Disclaimer: I love this book.
Good Omens is a novel written together by Terry Pratchett and Neil Gaiman. It is a comedic tale about the end of the world. Sounds odd, but then, from master writers Pratchett and Gaiman, it could only be good.
The story begins with tracing the birth of the Antichrist, an amusing chapter involving Babies 1, 2, and 3, and quite possibly mistaken identities. Attempting to intervene, as they’ve gotten quite used to the way things are, are casual allies and friends in all but name: Crowley, “a demon who did not so much fall as saunter vaguely downwards”, and Aziraphale, a book-collecting angel. Unfortunately, the boy they both think is the Antichrist was actually the victim of an absurd baby-switching accident.
The supporting cast includes Agnes Nutter, witch, who is famous for writing the only completely accurate book of prophecies the world has ever seen. She’s more of an influence on events 400 years after her death, as her descendent, Anathema Device, works with Newton Pulsifer, a Witchfinder Private, to find the Antichrist before the End of Days can begin. Also prominent are the 4 Horsemen of the Apocalypse (with Pollution replacing Pestilence, who retired in 1936 after the discovery of penicillin), and Adam Young, the real Antichrist who has grown up without any angelic or demonic influences at all.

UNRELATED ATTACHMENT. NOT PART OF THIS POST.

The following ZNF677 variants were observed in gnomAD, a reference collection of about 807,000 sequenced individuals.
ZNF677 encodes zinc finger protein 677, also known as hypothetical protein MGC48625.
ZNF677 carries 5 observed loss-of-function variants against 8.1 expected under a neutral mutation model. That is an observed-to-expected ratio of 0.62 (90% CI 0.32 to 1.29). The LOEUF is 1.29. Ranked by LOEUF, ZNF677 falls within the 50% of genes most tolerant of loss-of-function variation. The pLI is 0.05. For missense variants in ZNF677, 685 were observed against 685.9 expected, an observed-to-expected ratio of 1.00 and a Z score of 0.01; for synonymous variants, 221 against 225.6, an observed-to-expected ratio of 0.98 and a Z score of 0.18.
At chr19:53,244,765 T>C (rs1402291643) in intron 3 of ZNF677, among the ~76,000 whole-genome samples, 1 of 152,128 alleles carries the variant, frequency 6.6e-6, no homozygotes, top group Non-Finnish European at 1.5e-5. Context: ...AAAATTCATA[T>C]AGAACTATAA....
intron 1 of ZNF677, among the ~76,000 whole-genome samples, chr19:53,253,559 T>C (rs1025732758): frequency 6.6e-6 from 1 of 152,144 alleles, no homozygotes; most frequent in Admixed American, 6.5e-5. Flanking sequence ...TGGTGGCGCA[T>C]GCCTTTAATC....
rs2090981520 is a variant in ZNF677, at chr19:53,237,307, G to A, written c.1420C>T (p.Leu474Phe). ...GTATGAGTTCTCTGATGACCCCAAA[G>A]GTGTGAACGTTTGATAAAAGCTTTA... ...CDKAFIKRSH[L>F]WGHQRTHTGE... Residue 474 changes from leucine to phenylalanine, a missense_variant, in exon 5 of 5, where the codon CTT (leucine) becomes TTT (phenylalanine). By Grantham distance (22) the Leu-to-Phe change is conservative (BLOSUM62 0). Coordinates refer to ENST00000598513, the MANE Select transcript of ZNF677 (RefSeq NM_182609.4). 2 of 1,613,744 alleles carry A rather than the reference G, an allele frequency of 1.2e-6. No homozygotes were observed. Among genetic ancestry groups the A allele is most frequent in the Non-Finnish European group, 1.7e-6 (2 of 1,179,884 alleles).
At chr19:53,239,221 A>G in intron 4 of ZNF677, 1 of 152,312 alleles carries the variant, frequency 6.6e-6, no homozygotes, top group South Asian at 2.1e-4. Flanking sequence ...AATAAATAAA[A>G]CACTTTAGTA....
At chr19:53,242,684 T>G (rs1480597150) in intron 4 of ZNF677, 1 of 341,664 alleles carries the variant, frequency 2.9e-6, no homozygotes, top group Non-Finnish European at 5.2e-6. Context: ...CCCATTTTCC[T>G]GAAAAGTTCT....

I highly recommend this book. There’s drama and a clever, fast-paced plot, mixed with many hilarious moments. It’s a rare book that makes me laugh out loud, rather than just smiling, but there are multiple moments of laugh-out-loud funny. Best of all, there’s a radio play adaption coming soon, for which I have high expectations.
This book is perfectly paced, well-balanced, hilarious, clever, and, a rarity for a book, is one that could have an overall longer length and could only be better. My only regret is that sometimes the authors spend a bit too much time on the less interesting characters, making Good Omens fall just short of a perfect rating.
Chocolate recommendation: Lindor Truffles, Milk Chocolate.
The smooth creaminess is perfectly matched to the wit and sheer beauty of the writing, and the richness is one to savor, just like this book.